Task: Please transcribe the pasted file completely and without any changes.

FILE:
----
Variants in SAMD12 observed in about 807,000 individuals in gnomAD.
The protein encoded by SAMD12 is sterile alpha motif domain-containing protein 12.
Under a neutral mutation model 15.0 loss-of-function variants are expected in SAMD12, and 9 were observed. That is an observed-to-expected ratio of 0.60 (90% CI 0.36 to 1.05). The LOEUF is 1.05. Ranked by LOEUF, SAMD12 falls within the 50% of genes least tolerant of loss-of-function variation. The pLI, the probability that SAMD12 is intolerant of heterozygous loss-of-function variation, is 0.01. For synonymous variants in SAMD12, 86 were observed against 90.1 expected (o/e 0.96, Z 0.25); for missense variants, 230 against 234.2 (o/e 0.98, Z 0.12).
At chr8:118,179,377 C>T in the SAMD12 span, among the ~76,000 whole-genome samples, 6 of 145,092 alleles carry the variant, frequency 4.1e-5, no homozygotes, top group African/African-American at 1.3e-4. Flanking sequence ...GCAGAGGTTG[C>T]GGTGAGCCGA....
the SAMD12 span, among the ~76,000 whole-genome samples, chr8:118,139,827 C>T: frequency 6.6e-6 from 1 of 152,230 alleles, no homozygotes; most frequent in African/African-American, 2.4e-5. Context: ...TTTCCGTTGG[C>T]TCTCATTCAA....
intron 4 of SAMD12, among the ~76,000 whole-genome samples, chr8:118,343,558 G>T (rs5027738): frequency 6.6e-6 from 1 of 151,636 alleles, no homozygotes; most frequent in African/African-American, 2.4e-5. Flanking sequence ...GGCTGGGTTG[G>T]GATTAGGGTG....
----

Variants in SAMD12 observed in about 807,000 individuals in gnomAD.
The protein encoded by SAMD12 is sterile alpha motif domain-containing protein 12.
Under a neutral mutation model 15.0 loss-of-function variants are expected in SAMD12, and 9 were observed. That is an observed-to-expected ratio of 0.60 (90% CI 0.36 to 1.05). The LOEUF is 1.05. Ranked by LOEUF, SAMD12 falls within the 50% of genes least tolerant of loss-of-function variation. The pLI, the probability that SAMD12 is intolerant of heterozygous loss-of-function variation, is 0.01. For synonymous variants in SAMD12, 86 were observed against 90.1 expected (o/e 0.96, Z 0.25); for missense variants, 230 against 234.2 (o/e 0.98, Z 0.12).
At chr8:118,179,377 C>T in the SAMD12 span, among the ~76,000 whole-genome samples, 6 of 145,092 alleles carry the variant, frequency 4.1e-5, no homozygotes, top group African/African-American at 1.3e-4. Flanking sequence ...GCAGAGGTTG[C>T]GGTGAGCCGA....
the SAMD12 span, among the ~76,000 whole-genome samples, chr8:118,139,827 C>T: frequency 6.6e-6 from 1 of 152,230 alleles, no homozygotes; most frequent in African/African-American, 2.4e-5. Context: ...TTTCCGTTGG[C>T]TCTCATTCAA....
intron 4 of SAMD12, among the ~76,000 whole-genome samples, chr8:118,343,558 G>T (rs5027738): frequency 6.6e-6 from 1 of 151,636 alleles, no homozygotes; most frequent in African/African-American, 2.4e-5. Flanking sequence ...GGCTGGGTTG[G>T]GATTAGGGTG....